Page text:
In most enterprise-level public key infrastructure systems, there is a dependence upon certificate chains to verify the identity of a party. When a Certificate Authority (CA) issues a certificate for any party, the legitimacy of that certificate authority must be verified. This is usually done by a higher certificate authority. This higher authority is part of a unique certification hierarchy which is eventually overseen by a root certificate. It is so called because it is the root of the certificate tree or the monarch of the certificate domain.
While using Public Key Infrastructure (PKI) it is important that the user not restrict his/her understanding to how a root certificate is issued by certificate authorities. Instead, he/she should also try to learn how certificates are cancelled and how the details about such certificate terminations are made available to clients responsible for managing the certificates. Because the entire system works on a security concept, it is only natural that various applications may check for the authenticity of certificates. Each client expects a current, trusted certificate rather than one that has expired, been revoked, or cannot be verified.
The certificate termination information is usually stored in a certification revocation list. However, this is not the only form of notification possible. The applications that have been presented with a certificate will validate a certificates current status by contacting any of the concerned websites for an updated certification revocation list.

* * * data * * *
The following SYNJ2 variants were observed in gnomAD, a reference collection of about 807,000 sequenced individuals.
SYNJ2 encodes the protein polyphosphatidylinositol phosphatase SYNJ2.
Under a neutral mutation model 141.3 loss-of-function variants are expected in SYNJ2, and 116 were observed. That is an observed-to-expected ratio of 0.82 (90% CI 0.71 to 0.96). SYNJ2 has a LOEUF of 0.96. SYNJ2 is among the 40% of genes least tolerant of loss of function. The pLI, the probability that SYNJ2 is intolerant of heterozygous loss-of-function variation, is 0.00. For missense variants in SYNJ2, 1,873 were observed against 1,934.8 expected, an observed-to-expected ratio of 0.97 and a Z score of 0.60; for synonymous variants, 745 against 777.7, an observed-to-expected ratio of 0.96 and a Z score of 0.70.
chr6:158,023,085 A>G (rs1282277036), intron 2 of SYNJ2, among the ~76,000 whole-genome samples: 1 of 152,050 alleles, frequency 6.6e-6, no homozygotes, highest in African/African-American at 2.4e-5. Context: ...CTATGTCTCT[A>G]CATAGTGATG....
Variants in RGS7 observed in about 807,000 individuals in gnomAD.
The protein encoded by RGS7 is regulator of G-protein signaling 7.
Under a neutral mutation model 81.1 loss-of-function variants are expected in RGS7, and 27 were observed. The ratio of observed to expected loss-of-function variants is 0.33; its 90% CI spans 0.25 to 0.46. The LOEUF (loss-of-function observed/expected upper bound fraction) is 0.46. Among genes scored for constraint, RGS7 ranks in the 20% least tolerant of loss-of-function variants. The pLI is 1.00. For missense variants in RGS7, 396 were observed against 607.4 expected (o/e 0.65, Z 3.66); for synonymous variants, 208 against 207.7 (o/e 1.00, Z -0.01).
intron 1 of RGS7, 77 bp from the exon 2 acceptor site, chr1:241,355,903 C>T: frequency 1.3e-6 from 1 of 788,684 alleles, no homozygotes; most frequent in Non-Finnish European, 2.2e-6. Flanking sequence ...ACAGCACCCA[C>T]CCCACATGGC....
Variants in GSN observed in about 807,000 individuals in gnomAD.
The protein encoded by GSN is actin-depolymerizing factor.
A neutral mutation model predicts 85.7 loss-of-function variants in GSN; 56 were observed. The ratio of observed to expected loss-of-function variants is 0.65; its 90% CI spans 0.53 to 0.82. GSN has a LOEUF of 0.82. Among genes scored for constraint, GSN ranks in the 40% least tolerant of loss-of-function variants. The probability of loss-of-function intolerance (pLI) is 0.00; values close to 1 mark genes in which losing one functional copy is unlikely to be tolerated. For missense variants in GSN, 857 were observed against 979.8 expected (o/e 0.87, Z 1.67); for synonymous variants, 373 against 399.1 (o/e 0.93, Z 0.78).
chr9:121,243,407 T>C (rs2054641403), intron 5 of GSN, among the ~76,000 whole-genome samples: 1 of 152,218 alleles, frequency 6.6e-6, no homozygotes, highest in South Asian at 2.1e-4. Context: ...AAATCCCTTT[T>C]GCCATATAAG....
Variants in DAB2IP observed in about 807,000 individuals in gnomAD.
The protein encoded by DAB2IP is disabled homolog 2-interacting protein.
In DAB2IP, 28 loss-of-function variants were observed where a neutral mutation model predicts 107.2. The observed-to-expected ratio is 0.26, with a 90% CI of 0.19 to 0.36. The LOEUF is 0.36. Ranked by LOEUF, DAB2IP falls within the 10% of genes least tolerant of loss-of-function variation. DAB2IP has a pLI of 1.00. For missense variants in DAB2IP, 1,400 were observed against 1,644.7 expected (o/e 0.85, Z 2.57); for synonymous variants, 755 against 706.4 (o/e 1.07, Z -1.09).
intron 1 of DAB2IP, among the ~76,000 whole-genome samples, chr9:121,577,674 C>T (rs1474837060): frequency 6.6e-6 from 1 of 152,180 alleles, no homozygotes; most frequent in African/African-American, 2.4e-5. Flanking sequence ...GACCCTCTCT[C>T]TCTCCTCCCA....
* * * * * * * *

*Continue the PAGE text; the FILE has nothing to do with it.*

For example, in a Microsoft Windows server application, if the application demands the verification status of a certificate, the update root certificate component of the operating system will automatically check the list of trusted certificate authorities in the Windows Update website to see if the corresponding certificate or Certificate Authority is a part of the list. Such cross checking becomes necessary when the application has been presented with a certificate whose CA is not directly trusted or may not be known. Keep in mind, the function of the update root certificate component is optional and can be disabled or removed at the time of installation by the user.
Now, if the user opts to refuse installation of the update root certificate component, it’s possible that technical problems may develop, especially in the event of an application coming across a root certificate that needs an authentication check before it can continue. In such a case, when the application finds that the update root certificate component is absent in the PC, it may stop itself from performing the originally intended action such as software installation, viewing a digitally signed or an encrypted email, or using a browser to engage in an SSL session.
In such instances, it is advisable to provide relevant instructions to the system administrators on what to do if it stumbles across suspicious certificates.